July 30, 2019

YOUR SOCIAL SECURITY | Rock Island, Illinois Office

By Linda Clayton-Powell
Social Security Manager
Rock Island Social Security Office

COMMUNITIES FIGHTING FRAUD

Older people are at a greater risk of fraud and other forms of financial exploitation. The United States Postal Service has seen an increase in mail fraud and is promoting community strength and fraud awareness as a way to prevent abuse. Social Security agrees. You can help your more vulnerable loved ones fight fraud.

You or a loved one might receive an advertisement in the mail, but it could be from a private company or even a scammer. United States law prohibits people or non-government businesses from using words or emblems that mislead others. Their advertising can’t lead people to believe that they represent, are somehow affiliated with, or endorsed or approved by Social Security.

Scammers commonly target people who are looking for Social Security program and benefit information. If you receive misleading information about Social Security, send the complete advertisement, including the envelope it came in, to:

Office of the Inspector General Fraud Hotline
Social Security Administration
P.O. Box 17768
Baltimore, MD 21235

Community can simply mean your family unit. The more you know about what your loved ones are exposed to, the better you can protect them.

We also receive reports where someone pretending to be a Social Security employee has contacted members of the public. The intent of this type of call may be to steal your identity and/or money from your bank accounts. They may state that your Social Security number will be suspended or they may demand immediate payment. The caller generally asks you for personal information such as your Social Security number, date of birth, your mother’s maiden name, or your bank or financial account information. You should not provide any of this information to these individuals.

It’s possible that a Social Security employee may contact you to follow-up on a previous application for Social Security benefits or to follow-up on other business you initiated with Social Security. Remember, Social Security employees will never threaten you or demand any kind of payment in exchange for services.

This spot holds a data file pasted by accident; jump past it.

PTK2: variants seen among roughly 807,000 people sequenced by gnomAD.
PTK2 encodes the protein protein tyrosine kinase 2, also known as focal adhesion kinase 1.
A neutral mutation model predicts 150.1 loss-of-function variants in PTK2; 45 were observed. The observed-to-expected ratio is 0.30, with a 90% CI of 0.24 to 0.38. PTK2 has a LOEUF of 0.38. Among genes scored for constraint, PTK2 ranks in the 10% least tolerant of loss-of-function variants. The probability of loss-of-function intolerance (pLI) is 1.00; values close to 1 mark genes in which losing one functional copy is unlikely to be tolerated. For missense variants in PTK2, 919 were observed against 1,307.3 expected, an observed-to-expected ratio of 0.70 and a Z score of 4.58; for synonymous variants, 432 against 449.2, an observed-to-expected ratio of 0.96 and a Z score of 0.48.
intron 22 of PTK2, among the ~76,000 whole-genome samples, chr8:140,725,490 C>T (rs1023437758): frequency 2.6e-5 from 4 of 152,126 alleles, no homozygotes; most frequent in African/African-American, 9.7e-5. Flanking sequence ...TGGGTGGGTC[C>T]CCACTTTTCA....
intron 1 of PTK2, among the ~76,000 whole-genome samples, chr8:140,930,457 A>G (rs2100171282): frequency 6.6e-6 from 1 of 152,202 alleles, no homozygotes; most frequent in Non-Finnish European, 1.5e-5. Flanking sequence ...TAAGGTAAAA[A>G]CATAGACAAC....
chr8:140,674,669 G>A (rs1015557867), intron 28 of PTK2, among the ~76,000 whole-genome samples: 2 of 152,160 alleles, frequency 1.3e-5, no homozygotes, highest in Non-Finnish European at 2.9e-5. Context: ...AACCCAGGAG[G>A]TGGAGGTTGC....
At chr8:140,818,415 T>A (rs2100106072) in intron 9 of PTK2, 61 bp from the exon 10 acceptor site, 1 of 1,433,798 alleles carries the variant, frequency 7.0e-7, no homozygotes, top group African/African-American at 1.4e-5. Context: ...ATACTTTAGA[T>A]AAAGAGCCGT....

It’s important that you report any and all fraud. This can only strengthen our communities and your family. You can report Social Security fraud at oig.ssa.gov/report.

CHANGING YOUR DIRECT DEPOSIT INFO WITH SOCIAL SECURITY

With our busy lives, it’s easy to fall into that cycle of postponing some tasks because of other priorities. This may be true for you when it comes to changing your payment method for Social Security benefits. Unfortunately, forgetting to change your payment method can lead to delayed payments.

The most convenient way to change your direct deposit information with Social Security is by creating a my Social Security account online at www.socialsecurity.gov/myaccount. Once you create your account, you can update your bank information without leaving the comfort of your home. Another way to change your direct deposit is by calling Social Security at
1-800-772-1213 (TTY 1-800-325-0778) to make the change over the phone. If you prefer to speak to someone in-person, you can visit your local Social Security office with the
necessary information.

Because we are committed to protecting your personal information, we need some form of identification to verify who you are. If you are online, we verified your identity when you initially created your my Social Security account. All you need to do is log in at www.socialsecurity.gov/myaccount with your secure username and password to gain access to your information.

If you call Social Security, we will ask identifying questions to ensure we are speaking to the right person. If you visit the office, you will need to bring a driver’s license or some form of ID with you. Once we have identified that you are the correct person and are authorized to make changes on the Social Security record, all we need is the routing number, account number, and type of account established. We don’t ask for a voided check, nor do we obtain verification from the bank. Therefore, you should be sure you are providing accurate information to us.

Because you may be unsure if your direct deposit change will affect your next payment, we highly recommend that you do not close the old bank account until you have seen your first Social Security deposit in the new bank account. That way, you can feel secure you will receive your benefits on time, regardless of when the change was reported to Social Security.

When you have to report changes to your direct deposit, be sure to visit us online at www.socialsecurity.gov/myaccount. Social Security always strives to put you in control by providing the best experience and service no matter where, when, or how you decide to do business with us.

Question and Answer

Question: Can I get a new Social Security number if someone has stolen my identity?

Answer: We do not routinely assign a new number to someone whose identity has been stolen. Only as a last resort should you consider requesting a new Social Security number. Changing your number may adversely affect your ability to interact with Federal and State agencies, employers, and others. This is because your financial, medical, employment and other records will be under your former Social Security number. We cannot guarantee that a new number will solve your problem. To learn more about your Social Security card and number, read our online publication Your Social Security Number and Card at www.socialsecurity.gov/pubs/10002.html.

Filed Under: Finance